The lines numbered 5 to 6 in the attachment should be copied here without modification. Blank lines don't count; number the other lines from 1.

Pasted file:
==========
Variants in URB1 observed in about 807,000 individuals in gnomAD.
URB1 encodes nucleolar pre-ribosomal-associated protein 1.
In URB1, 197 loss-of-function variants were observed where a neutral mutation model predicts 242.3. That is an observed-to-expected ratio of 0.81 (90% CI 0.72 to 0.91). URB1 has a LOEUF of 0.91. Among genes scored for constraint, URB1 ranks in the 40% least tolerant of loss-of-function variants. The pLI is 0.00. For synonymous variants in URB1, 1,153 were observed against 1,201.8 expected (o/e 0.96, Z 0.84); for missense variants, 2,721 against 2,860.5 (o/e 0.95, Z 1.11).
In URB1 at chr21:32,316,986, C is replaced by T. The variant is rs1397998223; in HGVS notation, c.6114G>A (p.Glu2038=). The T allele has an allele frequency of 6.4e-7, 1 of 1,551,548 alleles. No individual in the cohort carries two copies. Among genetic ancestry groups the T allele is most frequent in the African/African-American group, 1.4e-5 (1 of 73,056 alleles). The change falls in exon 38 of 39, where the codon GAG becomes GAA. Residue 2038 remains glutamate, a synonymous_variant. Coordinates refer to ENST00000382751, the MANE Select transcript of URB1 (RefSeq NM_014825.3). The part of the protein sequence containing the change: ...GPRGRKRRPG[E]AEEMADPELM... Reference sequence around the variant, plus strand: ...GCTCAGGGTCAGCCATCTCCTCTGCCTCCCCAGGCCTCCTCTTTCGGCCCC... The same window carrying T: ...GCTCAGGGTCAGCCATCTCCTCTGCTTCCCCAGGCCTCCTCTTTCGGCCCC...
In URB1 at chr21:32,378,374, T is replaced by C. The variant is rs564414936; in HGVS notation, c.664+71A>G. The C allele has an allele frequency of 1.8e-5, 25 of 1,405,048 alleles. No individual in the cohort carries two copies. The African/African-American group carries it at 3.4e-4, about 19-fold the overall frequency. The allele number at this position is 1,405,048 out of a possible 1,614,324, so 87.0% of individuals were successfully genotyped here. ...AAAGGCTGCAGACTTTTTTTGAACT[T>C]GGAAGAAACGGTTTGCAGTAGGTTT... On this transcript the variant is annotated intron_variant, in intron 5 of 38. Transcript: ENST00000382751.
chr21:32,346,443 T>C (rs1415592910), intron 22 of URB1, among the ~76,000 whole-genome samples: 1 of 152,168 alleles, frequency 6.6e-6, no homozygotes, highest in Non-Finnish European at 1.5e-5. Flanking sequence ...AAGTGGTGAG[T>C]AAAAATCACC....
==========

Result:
In URB1 at chr21:32,378,374, T is replaced by C. The variant is rs564414936; in HGVS notation, c.664+71A>G. The C allele has an allele frequency of 1.8e-5, 25 of 1,405,048 alleles. No individual in the cohort carries two copies. The African/African-American group carries it at 3.4e-4, about 19-fold the overall frequency. The allele number at this position is 1,405,048 out of a possible 1,614,324, so 87.0% of individuals were successfully genotyped here. ...AAAGGCTGCAGACTTTTTTTGAACT[T>C]GGAAGAAACGGTTTGCAGTAGGTTT... On this transcript the variant is annotated intron_variant, in intron 5 of 38. Transcript: ENST00000382751.
chr21:32,346,443 T>C (rs1415592910), intron 22 of URB1, among the ~76,000 whole-genome samples: 1 of 152,168 alleles, frequency 6.6e-6, no homozygotes, highest in Non-Finnish European at 1.5e-5. Flanking sequence ...AAGTGGTGAG[T>C]AAAAATCACC....